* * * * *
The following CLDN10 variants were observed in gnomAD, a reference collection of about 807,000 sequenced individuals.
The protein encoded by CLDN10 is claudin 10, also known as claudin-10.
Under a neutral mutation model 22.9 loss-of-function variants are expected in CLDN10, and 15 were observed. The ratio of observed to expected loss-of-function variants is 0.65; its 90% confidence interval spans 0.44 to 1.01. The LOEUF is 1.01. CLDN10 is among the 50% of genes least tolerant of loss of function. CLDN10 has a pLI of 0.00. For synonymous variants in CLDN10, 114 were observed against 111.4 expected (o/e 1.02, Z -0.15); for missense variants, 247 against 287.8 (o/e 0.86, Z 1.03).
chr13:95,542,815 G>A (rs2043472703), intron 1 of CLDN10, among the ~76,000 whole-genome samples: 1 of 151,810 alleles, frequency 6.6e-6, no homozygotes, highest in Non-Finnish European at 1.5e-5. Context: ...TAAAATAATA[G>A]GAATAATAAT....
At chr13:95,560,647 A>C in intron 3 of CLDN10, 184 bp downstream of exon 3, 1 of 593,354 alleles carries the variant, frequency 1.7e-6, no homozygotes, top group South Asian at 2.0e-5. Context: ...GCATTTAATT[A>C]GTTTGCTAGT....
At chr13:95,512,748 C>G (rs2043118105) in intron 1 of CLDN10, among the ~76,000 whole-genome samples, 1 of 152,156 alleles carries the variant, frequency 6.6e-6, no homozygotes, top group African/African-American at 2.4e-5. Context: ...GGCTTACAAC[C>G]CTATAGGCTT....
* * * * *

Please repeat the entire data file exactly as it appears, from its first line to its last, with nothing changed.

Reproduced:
The following CLDN10 variants were observed in gnomAD, a reference collection of about 807,000 sequenced individuals.
The protein encoded by CLDN10 is claudin 10, also known as claudin-10.
Under a neutral mutation model 22.9 loss-of-function variants are expected in CLDN10, and 15 were observed. The ratio of observed to expected loss-of-function variants is 0.65; its 90% confidence interval spans 0.44 to 1.01. The LOEUF is 1.01. CLDN10 is among the 50% of genes least tolerant of loss of function. CLDN10 has a pLI of 0.00. For synonymous variants in CLDN10, 114 were observed against 111.4 expected (o/e 1.02, Z -0.15); for missense variants, 247 against 287.8 (o/e 0.86, Z 1.03).
chr13:95,542,815 G>A (rs2043472703), intron 1 of CLDN10, among the ~76,000 whole-genome samples: 1 of 151,810 alleles, frequency 6.6e-6, no homozygotes, highest in Non-Finnish European at 1.5e-5. Context: ...TAAAATAATA[G>A]GAATAATAAT....
At chr13:95,560,647 A>C in intron 3 of CLDN10, 184 bp downstream of exon 3, 1 of 593,354 alleles carries the variant, frequency 1.7e-6, no homozygotes, top group South Asian at 2.0e-5. Context: ...GCATTTAATT[A>C]GTTTGCTAGT....
At chr13:95,512,748 C>G (rs2043118105) in intron 1 of CLDN10, among the ~76,000 whole-genome samples, 1 of 152,156 alleles carries the variant, frequency 6.6e-6, no homozygotes, top group African/African-American at 2.4e-5. Context: ...GGCTTACAAC[C>G]CTATAGGCTT....